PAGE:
Saturday, April 25, 2015

Obama Apologizes After Drone Kills American and Italian Held by Al Qaeda

Warren Weinstein: Kidnapped Government Contractor Asks U.S. To Negotiate With Al Qaeda For His Release

WASHINGTON — An American aid worker and another man held hostage by Al Qaeda were killed in an American drone strike in Pakistan in January, government officials disclosed on Thursday, underscoring the perils of a largely invisible, long-distance war waged through video screens, joysticks and sometimes incomplete intelligence.
Intending to wipe out a compound linked to the terrorist group, the Central Intelligence Agency authorized the attack with no idea that the hostages were being held there despite hundreds of hours of surveillance, the officials said. Even afterward, they said, the agency did not realize at first that it had killed an American it had long sought to rescue, with the wrenching news becoming clear over time.
The violent death of an American at the hands of his own government proved a searing moment in a drone war that has come to define the nation’s battle with Al Qaeda, especially since President Obama took office. Visibly upset, Mr. Obama came to the White House briefing room shortly after his staff issued a written statement announcing the deaths to make a rare personal apology.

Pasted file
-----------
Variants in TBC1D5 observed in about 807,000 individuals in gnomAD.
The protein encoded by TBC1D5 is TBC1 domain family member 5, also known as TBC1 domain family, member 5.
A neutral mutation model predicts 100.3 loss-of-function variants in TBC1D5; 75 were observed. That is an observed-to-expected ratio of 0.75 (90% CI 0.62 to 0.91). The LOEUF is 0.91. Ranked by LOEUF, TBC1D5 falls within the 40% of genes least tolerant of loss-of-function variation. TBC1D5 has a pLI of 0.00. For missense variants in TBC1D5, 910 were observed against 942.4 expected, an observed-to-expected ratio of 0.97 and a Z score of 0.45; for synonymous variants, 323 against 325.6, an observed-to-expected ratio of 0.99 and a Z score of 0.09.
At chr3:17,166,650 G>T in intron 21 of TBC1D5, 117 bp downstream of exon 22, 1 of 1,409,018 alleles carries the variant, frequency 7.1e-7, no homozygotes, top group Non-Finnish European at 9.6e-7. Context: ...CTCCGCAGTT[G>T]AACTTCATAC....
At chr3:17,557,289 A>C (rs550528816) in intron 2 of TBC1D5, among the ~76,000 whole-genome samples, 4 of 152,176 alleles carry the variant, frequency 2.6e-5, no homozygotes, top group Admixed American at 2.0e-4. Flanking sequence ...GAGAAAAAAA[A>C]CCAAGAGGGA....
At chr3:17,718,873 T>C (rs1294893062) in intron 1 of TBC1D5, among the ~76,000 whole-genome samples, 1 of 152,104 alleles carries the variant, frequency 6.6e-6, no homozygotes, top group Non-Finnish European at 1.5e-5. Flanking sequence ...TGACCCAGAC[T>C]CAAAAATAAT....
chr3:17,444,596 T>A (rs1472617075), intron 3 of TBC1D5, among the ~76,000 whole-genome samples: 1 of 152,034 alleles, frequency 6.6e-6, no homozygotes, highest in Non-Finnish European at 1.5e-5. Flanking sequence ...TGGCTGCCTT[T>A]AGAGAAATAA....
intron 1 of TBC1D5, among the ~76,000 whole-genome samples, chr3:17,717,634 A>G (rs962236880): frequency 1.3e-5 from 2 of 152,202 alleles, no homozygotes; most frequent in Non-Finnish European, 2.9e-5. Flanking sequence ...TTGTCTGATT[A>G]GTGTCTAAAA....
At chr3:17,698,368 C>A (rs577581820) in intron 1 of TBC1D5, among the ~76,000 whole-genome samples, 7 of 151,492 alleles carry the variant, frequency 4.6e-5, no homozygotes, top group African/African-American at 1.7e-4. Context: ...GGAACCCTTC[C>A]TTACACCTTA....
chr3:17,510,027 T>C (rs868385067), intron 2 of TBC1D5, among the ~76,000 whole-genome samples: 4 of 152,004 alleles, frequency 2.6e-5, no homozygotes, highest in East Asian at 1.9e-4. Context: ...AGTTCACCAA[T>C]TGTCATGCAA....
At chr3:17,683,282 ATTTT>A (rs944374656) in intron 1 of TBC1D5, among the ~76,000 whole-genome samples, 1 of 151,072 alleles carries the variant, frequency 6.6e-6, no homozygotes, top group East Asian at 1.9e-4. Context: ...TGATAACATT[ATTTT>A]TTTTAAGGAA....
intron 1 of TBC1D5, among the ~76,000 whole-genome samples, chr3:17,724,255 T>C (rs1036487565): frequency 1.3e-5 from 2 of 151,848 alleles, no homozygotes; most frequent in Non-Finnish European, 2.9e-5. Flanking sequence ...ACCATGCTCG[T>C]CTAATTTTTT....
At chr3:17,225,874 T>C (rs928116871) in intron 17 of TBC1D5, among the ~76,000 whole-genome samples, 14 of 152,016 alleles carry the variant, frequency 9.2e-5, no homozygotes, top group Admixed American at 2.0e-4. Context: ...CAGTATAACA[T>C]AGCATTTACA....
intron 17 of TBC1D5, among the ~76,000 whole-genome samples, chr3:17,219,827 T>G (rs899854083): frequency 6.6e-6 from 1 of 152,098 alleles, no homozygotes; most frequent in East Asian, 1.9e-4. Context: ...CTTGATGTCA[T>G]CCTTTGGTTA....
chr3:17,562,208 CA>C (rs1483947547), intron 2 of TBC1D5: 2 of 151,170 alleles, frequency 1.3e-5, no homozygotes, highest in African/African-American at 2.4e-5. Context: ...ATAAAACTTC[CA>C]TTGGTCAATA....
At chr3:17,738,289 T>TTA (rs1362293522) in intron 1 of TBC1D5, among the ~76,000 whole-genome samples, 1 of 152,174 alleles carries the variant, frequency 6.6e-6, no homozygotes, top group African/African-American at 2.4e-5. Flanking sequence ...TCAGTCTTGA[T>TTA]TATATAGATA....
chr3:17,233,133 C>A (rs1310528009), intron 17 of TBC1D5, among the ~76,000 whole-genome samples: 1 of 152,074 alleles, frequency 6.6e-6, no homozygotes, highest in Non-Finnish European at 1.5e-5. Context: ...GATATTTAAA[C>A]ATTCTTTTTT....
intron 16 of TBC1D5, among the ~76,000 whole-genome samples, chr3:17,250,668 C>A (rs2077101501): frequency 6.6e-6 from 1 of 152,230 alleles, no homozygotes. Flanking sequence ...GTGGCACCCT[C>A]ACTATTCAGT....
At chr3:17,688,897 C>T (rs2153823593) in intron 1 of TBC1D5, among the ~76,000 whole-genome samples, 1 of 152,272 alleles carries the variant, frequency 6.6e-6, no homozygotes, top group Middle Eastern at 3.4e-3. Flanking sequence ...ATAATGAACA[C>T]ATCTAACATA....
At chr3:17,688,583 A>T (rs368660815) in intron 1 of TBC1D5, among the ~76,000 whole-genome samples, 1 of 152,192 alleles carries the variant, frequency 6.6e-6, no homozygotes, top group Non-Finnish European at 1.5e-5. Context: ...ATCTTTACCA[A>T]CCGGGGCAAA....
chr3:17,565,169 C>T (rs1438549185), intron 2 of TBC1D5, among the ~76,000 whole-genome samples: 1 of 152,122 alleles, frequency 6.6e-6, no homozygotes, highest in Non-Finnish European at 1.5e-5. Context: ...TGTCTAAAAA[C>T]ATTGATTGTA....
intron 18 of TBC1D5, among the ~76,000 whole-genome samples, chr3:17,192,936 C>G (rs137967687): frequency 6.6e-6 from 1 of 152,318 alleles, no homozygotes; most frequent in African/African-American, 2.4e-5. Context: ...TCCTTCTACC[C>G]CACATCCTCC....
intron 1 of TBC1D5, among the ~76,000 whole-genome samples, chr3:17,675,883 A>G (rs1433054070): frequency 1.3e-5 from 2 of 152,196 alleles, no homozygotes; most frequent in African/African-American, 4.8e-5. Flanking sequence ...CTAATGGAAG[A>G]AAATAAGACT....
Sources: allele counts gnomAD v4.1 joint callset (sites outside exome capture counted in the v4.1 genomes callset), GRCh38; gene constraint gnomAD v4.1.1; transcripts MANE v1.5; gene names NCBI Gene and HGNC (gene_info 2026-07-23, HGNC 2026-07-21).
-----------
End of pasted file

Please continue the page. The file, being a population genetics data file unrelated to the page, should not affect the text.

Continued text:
“As president and as commander in chief, I take full responsibility for all our counterterrorism operations,” the grim-faced president told reporters as television cameras broadcast his words. “I profoundly regret what happened,” he added. “On behalf of the United States government, I offer our deepest apologies to the families.”
The government is conducting two reviews of the drone strike to determine what went wrong, and the episode could force a broader rethinking of Mr. Obama’s approach to fighting Al Qaeda. Under the president’s policy, drone strikes are to be authorized only when it can be concluded to a “near certainty” that there will not be civilian casualties.
The two hostages, Warren Weinstein, an American kidnapped in 2011, and Giovanni Lo Porto, an Italian seized in 2012, were killed Jan. 15 in a remote area in Pakistan known as a Qaeda sanctuary, officials said. An American affiliated with Al Qaeda, Ahmed Farouq, was killed in the same strike. Another American member of Al Qaeda, Adam Gadahn, was killed in a separate strike in the same region Jan. 19, according to the officials.
Just as the C.I.A. did not know the hostages were present, it also did not know that the American Qaeda members were at the strike targets and they had not been specifically targeted, officials said. Mr. Farouq was the deputy head of Al Qaeda’s relatively new branch in India and was not publicly identified as an American until Thursday. Mr. Gadahn was better known as a Qaeda spokesman.
Officials who spoke on condition of anonymity to discuss intelligence operations said it took weeks to piece together what happened.

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